Corporate virtual private networks (VPNs) evolved in a centralized business environment that no longer exists. Today’s corporate network is …
This week, ZDNet published an article about a security researcher who had found a vulnerability in our Hotspot Shield application for Windows. This bug, the researcher claimed, allowed the leakage of the Wi-Fi network name that Windows users on some Hotspot Shield versions were connecting to.
With our commitment to transparency, we felt it important to let our users know precisely what happened, and to clarify that while we agree that the Wi-Fi network name could have been leaked due to the bug, this vulnerability did not leak any personally identifiable information. A fix to the Wi-Fi network name vulnerability was released on February 6, and Hotspot Shield users remain secure. The vulnerability is no longer there.
To provide some more context on this, back on December 20, 2017, a researcher submitted a request to Hotspot Shield detailing a security vulnerability. Our security team was made aware of the issue and began testing it for proof of concept. After a thorough evaluation, our team was not able to find any proof that this bug could lead to leaks of personally identifiable information. We also could not create any scenario in which the provided proof of concept would lead to deanonymizing our users.
However, we did discover that in some cases generic information such as a user’s country or their Wi-Fi network name could be exposed. ZDNet confirmed that it too could not replicate claims of any leakage other than the Wi-Fi network name and country.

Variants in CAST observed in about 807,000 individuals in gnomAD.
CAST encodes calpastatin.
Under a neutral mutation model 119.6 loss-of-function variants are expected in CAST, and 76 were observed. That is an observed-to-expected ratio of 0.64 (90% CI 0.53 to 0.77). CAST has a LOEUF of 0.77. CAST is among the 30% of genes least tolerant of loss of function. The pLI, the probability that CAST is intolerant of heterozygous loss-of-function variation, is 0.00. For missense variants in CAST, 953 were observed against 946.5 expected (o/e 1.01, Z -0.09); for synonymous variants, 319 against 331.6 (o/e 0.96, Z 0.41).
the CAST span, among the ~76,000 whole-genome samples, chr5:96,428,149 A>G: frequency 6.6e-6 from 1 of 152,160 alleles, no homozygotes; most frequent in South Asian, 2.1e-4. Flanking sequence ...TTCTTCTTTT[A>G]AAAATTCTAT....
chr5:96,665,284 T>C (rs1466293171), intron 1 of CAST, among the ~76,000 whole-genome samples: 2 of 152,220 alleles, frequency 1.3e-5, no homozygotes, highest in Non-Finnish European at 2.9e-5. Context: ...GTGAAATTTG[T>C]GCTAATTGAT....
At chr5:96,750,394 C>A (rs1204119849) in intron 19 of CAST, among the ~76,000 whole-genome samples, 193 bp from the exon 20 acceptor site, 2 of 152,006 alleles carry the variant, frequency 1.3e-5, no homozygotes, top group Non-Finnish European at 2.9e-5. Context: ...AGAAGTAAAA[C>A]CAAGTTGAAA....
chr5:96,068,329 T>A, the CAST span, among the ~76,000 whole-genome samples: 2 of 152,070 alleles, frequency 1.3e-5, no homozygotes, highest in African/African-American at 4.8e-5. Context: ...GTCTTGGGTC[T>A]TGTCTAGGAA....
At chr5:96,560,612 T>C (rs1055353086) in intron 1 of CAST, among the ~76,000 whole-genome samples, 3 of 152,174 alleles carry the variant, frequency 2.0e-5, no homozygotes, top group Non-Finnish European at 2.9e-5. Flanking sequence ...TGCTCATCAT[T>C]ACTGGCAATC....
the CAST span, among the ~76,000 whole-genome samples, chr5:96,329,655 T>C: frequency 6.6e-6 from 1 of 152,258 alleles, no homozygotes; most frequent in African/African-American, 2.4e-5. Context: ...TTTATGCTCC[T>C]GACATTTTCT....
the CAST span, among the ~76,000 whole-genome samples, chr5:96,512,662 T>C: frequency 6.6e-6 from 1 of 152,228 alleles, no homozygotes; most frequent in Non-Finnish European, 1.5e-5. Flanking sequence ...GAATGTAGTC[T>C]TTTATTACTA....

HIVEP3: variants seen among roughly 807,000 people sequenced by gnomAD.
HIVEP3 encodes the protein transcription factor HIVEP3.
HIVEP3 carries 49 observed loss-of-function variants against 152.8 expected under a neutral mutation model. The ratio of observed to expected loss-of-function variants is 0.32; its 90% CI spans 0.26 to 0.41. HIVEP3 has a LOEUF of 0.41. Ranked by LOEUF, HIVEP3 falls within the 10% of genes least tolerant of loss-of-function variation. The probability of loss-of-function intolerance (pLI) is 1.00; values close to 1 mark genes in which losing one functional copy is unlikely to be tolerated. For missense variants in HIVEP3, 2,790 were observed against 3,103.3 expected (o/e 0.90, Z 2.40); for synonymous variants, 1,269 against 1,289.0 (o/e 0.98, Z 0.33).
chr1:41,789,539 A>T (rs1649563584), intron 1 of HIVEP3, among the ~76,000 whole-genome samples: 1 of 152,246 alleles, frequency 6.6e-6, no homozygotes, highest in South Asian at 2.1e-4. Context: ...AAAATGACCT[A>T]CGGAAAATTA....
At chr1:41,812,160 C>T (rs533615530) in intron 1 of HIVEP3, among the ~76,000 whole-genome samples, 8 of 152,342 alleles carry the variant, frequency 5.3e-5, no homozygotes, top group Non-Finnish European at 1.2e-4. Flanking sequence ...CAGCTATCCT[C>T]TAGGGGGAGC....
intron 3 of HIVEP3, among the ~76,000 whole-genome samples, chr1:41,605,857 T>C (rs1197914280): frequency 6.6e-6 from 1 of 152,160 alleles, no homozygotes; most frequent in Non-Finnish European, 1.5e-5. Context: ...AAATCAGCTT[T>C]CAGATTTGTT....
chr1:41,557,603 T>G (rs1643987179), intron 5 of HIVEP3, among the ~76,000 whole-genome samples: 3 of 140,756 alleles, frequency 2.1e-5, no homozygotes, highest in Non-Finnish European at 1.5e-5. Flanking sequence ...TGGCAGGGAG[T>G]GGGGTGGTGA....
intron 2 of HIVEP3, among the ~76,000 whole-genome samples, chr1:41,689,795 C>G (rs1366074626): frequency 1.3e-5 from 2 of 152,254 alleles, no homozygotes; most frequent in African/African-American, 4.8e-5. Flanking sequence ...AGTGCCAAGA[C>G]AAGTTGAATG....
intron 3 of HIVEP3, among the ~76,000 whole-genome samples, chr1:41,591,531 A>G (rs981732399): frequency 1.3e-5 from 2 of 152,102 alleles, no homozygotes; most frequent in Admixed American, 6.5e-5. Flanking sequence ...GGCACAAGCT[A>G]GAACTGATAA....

The vulnerability only affected Windows users and did not affect users on any other platform. All other Hotspot Shield platforms, as well as all our partners, were never exposed to the vulnerability.
We have sent the fix to the ZDNet reporter and the researcher who found this vulnerability for their independent verification, but at this moment, they have not responded to us to either confirm or deny our fix.
We want to make it clear that we acknowledge a vulnerability was found, and we want to thank the researcher for bringing it to our attention. We appreciate and fully encourage ethical disclosure of vulnerabilities of any level of severity, and we invite any security researcher to contact us at email@example.com. We remain committed to the safety and protection of our users, and we’re constantly working on improving our products, leveraging feedback from our users and third-party security experts who audit and test our products.
We realize that over 550 million people around the globe install trust in us to protect their online activities and keep them safe. It is our mission at AnchorFree to continually put their interests first and ensure a safe, secure, and open internet for all. We want to thank our users for their continued support.